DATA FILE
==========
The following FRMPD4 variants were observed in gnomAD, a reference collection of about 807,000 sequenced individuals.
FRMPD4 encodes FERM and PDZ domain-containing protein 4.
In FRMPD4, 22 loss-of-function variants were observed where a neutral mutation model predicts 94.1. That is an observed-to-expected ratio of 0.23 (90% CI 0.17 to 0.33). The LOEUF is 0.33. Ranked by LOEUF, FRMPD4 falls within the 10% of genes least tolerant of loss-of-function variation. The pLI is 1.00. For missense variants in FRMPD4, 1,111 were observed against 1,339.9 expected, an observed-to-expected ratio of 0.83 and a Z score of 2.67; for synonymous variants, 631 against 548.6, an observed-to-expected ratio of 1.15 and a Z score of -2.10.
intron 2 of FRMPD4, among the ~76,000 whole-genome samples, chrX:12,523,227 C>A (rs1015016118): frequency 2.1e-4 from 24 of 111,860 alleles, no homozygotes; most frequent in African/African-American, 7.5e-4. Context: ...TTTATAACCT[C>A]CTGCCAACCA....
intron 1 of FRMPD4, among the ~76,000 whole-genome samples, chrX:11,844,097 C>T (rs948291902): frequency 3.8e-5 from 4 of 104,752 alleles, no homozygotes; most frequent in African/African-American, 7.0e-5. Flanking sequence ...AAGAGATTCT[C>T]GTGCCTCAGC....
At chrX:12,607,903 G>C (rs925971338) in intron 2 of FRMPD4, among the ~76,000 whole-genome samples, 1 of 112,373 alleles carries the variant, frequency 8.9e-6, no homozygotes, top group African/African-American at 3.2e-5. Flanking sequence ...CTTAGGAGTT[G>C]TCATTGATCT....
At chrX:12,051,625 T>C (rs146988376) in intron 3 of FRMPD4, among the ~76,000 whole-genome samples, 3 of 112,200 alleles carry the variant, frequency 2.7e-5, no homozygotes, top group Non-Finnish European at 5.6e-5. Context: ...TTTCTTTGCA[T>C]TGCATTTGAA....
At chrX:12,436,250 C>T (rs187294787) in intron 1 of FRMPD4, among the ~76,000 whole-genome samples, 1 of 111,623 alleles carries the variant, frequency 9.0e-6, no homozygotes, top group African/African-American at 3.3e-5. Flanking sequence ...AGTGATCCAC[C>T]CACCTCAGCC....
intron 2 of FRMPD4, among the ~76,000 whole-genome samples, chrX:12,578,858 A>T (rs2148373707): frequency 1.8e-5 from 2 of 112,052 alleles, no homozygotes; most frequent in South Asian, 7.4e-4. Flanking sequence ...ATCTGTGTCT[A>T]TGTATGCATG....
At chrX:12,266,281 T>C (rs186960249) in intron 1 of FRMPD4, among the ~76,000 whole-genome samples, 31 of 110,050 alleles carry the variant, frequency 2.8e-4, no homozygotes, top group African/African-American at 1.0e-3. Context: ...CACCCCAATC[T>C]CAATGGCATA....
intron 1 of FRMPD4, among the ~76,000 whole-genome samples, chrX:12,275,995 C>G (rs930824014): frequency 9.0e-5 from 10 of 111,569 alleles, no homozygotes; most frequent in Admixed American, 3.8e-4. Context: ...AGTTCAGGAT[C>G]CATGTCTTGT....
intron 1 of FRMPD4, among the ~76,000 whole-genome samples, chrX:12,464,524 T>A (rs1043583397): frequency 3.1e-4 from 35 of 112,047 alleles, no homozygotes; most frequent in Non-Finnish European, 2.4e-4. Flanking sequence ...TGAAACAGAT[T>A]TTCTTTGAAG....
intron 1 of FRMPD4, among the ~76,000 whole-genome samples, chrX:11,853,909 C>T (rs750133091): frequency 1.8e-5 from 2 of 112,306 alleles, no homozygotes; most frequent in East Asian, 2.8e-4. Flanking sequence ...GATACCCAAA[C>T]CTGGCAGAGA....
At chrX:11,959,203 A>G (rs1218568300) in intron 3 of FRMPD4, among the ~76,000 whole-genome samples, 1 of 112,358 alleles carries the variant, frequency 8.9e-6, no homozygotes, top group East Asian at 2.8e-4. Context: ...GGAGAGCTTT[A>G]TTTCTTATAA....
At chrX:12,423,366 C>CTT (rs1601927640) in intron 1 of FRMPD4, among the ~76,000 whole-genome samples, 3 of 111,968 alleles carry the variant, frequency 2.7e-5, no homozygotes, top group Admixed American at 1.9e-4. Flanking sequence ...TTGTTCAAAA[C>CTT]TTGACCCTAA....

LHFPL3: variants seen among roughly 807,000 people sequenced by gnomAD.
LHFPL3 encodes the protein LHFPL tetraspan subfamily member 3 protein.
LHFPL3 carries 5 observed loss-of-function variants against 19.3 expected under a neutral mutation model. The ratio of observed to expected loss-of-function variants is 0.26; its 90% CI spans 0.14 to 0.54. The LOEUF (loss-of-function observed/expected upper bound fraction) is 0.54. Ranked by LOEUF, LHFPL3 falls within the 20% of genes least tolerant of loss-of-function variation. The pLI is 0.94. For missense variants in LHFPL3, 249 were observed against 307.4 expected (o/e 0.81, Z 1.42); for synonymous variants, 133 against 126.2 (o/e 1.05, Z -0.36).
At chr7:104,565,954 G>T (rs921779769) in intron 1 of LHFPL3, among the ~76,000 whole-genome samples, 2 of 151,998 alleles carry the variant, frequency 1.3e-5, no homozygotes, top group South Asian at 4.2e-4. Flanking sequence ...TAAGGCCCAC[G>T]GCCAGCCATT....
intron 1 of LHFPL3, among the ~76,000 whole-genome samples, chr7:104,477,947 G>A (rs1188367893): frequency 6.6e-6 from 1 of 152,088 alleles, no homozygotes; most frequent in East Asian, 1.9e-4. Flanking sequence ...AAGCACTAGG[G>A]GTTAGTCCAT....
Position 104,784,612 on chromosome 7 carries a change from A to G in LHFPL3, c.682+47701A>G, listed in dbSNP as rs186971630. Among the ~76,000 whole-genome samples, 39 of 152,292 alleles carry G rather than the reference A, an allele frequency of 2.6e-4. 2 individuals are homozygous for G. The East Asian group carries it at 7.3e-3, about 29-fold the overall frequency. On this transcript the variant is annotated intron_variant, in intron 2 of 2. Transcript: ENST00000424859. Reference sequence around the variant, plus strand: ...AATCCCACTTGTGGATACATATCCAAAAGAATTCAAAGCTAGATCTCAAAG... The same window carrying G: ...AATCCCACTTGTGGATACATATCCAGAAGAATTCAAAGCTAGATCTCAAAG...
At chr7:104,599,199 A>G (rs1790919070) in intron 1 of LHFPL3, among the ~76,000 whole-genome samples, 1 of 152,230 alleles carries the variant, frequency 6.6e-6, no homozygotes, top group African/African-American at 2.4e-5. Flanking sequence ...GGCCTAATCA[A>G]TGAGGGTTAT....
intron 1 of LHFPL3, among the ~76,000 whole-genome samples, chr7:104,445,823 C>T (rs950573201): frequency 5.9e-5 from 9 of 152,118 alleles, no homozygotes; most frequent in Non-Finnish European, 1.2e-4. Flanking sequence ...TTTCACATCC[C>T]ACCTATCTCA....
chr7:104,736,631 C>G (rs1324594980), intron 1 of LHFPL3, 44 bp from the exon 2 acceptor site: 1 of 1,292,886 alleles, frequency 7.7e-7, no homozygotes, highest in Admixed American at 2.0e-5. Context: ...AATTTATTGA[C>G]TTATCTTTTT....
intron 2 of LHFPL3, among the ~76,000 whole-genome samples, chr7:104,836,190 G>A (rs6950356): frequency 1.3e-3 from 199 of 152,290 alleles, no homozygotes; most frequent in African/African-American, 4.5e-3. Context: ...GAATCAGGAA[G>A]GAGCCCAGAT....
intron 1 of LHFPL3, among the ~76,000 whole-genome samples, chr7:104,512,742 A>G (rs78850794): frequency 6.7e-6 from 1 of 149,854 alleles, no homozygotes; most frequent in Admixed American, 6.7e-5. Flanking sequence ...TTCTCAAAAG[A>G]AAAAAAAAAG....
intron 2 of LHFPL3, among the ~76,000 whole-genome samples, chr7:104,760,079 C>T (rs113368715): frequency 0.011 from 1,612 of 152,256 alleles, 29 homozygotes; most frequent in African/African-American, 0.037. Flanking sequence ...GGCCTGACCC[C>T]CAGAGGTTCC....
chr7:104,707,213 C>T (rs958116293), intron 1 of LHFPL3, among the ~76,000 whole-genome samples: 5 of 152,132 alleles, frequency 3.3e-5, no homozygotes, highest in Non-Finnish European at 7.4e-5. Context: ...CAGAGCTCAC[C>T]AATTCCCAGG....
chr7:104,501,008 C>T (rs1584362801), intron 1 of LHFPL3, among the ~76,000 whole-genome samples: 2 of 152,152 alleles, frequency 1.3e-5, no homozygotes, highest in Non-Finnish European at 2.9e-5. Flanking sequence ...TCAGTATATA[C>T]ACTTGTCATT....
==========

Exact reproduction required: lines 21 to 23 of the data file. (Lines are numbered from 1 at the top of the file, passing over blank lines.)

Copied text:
Position 104,784,612 on chromosome 7 carries a change from A to G in LHFPL3, c.682+47701A>G, listed in dbSNP as rs186971630. Among the ~76,000 whole-genome samples, 39 of 152,292 alleles carry G rather than the reference A, an allele frequency of 2.6e-4. 2 individuals are homozygous for G. The East Asian group carries it at 7.3e-3, about 29-fold the overall frequency. On this transcript the variant is annotated intron_variant, in intron 2 of 2. Transcript: ENST00000424859. Reference sequence around the variant, plus strand: ...AATCCCACTTGTGGATACATATCCAAAAGAATTCAAAGCTAGATCTCAAAG... The same window carrying G: ...AATCCCACTTGTGGATACATATCCAGAAGAATTCAAAGCTAGATCTCAAAG...
At chr7:104,599,199 A>G (rs1790919070) in intron 1 of LHFPL3, among the ~76,000 whole-genome samples, 1 of 152,230 alleles carries the variant, frequency 6.6e-6, no homozygotes, top group African/African-American at 2.4e-5. Flanking sequence ...GGCCTAATCA[A>G]TGAGGGTTAT....
intron 1 of LHFPL3, among the ~76,000 whole-genome samples, chr7:104,445,823 C>T (rs950573201): frequency 5.9e-5 from 9 of 152,118 alleles, no homozygotes; most frequent in Non-Finnish European, 1.2e-4. Flanking sequence ...TTTCACATCC[C>T]ACCTATCTCA....